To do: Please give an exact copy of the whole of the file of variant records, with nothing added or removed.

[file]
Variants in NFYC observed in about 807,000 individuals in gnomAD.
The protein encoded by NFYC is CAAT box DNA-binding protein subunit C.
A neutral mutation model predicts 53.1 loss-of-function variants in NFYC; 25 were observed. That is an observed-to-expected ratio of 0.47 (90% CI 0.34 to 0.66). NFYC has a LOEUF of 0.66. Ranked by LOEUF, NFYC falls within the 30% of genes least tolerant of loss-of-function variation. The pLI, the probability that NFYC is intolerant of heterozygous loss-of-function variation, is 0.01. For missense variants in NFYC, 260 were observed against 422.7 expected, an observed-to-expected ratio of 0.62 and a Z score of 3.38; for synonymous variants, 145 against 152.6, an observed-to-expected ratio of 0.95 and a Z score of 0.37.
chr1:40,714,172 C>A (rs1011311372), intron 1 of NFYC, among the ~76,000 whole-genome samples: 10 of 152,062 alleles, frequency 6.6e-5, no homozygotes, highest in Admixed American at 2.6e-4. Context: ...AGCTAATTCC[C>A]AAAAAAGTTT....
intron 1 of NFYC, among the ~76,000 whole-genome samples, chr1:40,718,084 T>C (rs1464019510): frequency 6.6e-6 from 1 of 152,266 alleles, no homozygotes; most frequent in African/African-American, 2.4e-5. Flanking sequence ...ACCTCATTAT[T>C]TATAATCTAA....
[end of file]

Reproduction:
Variants in NFYC observed in about 807,000 individuals in gnomAD.
The protein encoded by NFYC is CAAT box DNA-binding protein subunit C.
A neutral mutation model predicts 53.1 loss-of-function variants in NFYC; 25 were observed. That is an observed-to-expected ratio of 0.47 (90% CI 0.34 to 0.66). NFYC has a LOEUF of 0.66. Ranked by LOEUF, NFYC falls within the 30% of genes least tolerant of loss-of-function variation. The pLI, the probability that NFYC is intolerant of heterozygous loss-of-function variation, is 0.01. For missense variants in NFYC, 260 were observed against 422.7 expected, an observed-to-expected ratio of 0.62 and a Z score of 3.38; for synonymous variants, 145 against 152.6, an observed-to-expected ratio of 0.95 and a Z score of 0.37.
chr1:40,714,172 C>A (rs1011311372), intron 1 of NFYC, among the ~76,000 whole-genome samples: 10 of 152,062 alleles, frequency 6.6e-5, no homozygotes, highest in Admixed American at 2.6e-4. Context: ...AGCTAATTCC[C>A]AAAAAAGTTT....
intron 1 of NFYC, among the ~76,000 whole-genome samples, chr1:40,718,084 T>C (rs1464019510): frequency 6.6e-6 from 1 of 152,266 alleles, no homozygotes; most frequent in African/African-American, 2.4e-5. Flanking sequence ...ACCTCATTAT[T>C]TATAATCTAA....